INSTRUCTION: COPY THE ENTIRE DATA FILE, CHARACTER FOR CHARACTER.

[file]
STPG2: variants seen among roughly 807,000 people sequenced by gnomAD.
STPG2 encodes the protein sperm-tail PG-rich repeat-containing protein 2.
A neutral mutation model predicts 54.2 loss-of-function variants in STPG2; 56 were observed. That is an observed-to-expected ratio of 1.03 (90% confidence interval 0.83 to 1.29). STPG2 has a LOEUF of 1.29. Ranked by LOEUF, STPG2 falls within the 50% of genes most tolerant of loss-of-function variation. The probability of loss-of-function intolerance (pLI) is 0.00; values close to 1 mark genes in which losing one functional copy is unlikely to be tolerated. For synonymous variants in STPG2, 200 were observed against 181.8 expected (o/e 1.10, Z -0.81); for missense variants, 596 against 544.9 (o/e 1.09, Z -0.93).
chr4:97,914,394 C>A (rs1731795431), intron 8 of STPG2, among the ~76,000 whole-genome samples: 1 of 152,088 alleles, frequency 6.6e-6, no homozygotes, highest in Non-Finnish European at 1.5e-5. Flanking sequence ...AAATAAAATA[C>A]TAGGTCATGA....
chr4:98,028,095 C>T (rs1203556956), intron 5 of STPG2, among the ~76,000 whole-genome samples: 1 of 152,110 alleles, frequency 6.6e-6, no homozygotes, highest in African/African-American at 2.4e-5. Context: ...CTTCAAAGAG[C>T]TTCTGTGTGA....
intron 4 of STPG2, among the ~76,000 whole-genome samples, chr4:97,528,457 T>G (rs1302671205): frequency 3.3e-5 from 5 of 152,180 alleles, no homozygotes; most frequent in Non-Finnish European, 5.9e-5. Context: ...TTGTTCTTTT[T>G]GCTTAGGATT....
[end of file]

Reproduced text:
STPG2: variants seen among roughly 807,000 people sequenced by gnomAD.
STPG2 encodes the protein sperm-tail PG-rich repeat-containing protein 2.
A neutral mutation model predicts 54.2 loss-of-function variants in STPG2; 56 were observed. That is an observed-to-expected ratio of 1.03 (90% confidence interval 0.83 to 1.29). STPG2 has a LOEUF of 1.29. Ranked by LOEUF, STPG2 falls within the 50% of genes most tolerant of loss-of-function variation. The probability of loss-of-function intolerance (pLI) is 0.00; values close to 1 mark genes in which losing one functional copy is unlikely to be tolerated. For synonymous variants in STPG2, 200 were observed against 181.8 expected (o/e 1.10, Z -0.81); for missense variants, 596 against 544.9 (o/e 1.09, Z -0.93).
chr4:97,914,394 C>A (rs1731795431), intron 8 of STPG2, among the ~76,000 whole-genome samples: 1 of 152,088 alleles, frequency 6.6e-6, no homozygotes, highest in Non-Finnish European at 1.5e-5. Flanking sequence ...AAATAAAATA[C>A]TAGGTCATGA....
chr4:98,028,095 C>T (rs1203556956), intron 5 of STPG2, among the ~76,000 whole-genome samples: 1 of 152,110 alleles, frequency 6.6e-6, no homozygotes, highest in African/African-American at 2.4e-5. Context: ...CTTCAAAGAG[C>T]TTCTGTGTGA....
intron 4 of STPG2, among the ~76,000 whole-genome samples, chr4:97,528,457 T>G (rs1302671205): frequency 3.3e-5 from 5 of 152,180 alleles, no homozygotes; most frequent in Non-Finnish European, 5.9e-5. Context: ...TTGTTCTTTT[T>G]GCTTAGGATT....